Government and energy producers sign voluntary agreement on coal

The Minister for Foreign Trade and Development Cooperation, Lilianne Ploumen, signed a voluntary agreement today with five Dutch energy producers (E.ON Benelux, EPZ, Essent, GDF Suez Energie Nederland and Nuon) on corporate social responsibility in the coal supply chain. The aim is to improve social and environmental conditions in coal mines. The minister said that signing the agreement was an important first step. ‘It shows that Dutch companies take their responsibilities seriously and recognise that they have a social role as buyers of coal. They are setting an example to their European counterparts.’

Under the agreement, the energy producers undertake to carefully examine their supply chains for possible abuses and to make agreements with mining companies to address any problems they identify. Every year they will report on their efforts and publish a list of the mines they have done business with. The producers are also jointly accountable for abuses at the mines from which they buy coal. Frans Geers, Director for Generation at E.ON, said ‘This voluntary agreement is a good step towards further improving the social and environmental conditions in which coal is extracted. Clear agreements have been made on greater transparency about the origin of coal. But that is not an end in itself. This agreement gives energy companies – in conjunction with the Dutch government – more influence to further improve circumstances at the mines and hold those responsible for them to account.’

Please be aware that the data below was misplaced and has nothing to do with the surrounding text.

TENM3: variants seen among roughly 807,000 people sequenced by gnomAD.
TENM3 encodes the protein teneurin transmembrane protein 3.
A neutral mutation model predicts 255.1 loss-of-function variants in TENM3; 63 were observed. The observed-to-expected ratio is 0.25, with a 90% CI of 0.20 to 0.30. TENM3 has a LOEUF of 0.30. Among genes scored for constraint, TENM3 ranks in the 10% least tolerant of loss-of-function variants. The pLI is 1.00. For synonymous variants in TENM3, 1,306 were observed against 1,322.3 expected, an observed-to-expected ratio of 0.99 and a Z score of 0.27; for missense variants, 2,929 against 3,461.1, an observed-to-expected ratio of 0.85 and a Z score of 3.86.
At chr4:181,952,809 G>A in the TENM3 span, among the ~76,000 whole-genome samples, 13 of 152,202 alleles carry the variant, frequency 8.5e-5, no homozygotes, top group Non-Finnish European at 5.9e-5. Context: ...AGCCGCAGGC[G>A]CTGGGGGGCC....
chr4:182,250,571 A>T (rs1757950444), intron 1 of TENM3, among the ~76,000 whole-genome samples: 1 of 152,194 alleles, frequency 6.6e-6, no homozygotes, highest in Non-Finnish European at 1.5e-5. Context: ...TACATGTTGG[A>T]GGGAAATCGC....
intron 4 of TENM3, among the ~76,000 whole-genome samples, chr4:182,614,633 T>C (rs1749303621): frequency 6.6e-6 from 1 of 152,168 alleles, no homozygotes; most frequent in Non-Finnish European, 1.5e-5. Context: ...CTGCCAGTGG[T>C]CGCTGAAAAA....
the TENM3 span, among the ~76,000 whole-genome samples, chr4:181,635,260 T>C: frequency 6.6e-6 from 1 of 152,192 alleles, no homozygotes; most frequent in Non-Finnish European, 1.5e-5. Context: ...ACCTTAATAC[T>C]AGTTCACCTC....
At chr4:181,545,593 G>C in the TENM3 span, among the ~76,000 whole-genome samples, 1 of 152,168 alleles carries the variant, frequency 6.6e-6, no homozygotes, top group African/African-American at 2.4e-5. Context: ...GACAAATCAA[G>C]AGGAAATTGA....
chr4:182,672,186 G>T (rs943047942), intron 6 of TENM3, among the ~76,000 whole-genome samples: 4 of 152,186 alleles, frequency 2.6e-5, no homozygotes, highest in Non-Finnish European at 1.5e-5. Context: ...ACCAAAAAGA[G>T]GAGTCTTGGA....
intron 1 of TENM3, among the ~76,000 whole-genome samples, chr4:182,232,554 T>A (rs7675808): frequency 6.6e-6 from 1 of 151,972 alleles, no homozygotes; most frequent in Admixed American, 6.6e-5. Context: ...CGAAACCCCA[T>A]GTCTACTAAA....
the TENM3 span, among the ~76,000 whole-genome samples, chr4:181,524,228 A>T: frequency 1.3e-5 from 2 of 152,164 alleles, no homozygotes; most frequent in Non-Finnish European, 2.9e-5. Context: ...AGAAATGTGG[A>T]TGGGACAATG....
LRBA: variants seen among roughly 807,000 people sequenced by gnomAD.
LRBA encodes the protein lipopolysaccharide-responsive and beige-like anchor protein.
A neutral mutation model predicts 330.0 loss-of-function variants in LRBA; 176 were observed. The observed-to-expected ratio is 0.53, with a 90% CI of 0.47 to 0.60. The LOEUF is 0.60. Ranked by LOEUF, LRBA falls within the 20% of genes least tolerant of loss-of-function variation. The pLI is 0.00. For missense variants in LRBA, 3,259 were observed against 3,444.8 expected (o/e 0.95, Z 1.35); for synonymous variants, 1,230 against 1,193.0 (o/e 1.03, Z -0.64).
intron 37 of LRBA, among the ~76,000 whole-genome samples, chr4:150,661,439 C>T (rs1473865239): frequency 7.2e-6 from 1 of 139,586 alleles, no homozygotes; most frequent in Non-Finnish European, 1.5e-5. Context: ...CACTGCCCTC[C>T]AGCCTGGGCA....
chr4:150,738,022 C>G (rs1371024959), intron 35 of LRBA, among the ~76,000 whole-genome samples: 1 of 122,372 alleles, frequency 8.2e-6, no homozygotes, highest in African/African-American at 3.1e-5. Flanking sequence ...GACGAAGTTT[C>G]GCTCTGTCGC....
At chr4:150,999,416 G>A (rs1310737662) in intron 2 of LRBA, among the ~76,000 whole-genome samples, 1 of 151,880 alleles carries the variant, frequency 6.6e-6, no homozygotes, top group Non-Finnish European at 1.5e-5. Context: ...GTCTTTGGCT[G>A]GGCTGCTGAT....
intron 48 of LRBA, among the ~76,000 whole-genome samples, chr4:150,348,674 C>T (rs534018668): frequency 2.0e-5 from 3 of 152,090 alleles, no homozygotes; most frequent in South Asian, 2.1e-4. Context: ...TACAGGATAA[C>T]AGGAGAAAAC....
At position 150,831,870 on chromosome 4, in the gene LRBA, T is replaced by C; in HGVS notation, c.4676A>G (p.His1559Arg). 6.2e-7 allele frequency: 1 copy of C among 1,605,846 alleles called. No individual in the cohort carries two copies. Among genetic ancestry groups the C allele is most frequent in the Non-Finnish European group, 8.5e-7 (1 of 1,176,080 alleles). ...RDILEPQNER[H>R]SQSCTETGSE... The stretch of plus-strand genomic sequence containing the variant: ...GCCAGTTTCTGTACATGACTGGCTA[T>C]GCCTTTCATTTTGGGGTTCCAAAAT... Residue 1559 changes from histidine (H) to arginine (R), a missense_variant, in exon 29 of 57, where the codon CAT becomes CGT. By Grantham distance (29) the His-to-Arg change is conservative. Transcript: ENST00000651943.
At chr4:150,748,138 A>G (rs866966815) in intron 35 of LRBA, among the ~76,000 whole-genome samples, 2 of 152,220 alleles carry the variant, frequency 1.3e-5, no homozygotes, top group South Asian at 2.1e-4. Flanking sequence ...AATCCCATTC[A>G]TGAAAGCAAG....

Under the voluntary agreement the government undertakes to support energy producers in their efforts and to put the issue on the agenda in contacts with other countries. Ms Ploumen will also examine whether she can contribute to the improvement of environmental and working conditions at coal mines in Colombia. Clear agreements have been made for tackling abuses in the coal sector, according to the minister. ‘In spite of the improvements we have seen in recent years, there are still problems linked to the mines. Coal extraction can still have an adverse impact on the environment and the interests of local people are sometimes too readily overlooked. The energy companies are using their economic muscle to bring about change on these points. And they are jointly accountable for any abuses. That is real progress.’ Ms Ploumen noted that the results of the voluntary agreement would be discussed annually with other stakeholders. ‘This way we can together ensure that commitments are fulfilled and examine what can be improved.’

The minister will visit Colombia in late November, where she will be heading a trade mission. She will also visit the Cesar coal-mining region with energy companies, a delegation from the House of Representatives and a number of civil society organisations. Colombia is a major supplier of coal to the Dutch and European markets. The coal used in Europe comes mainly from Colombia, South Africa, the United States and Russia.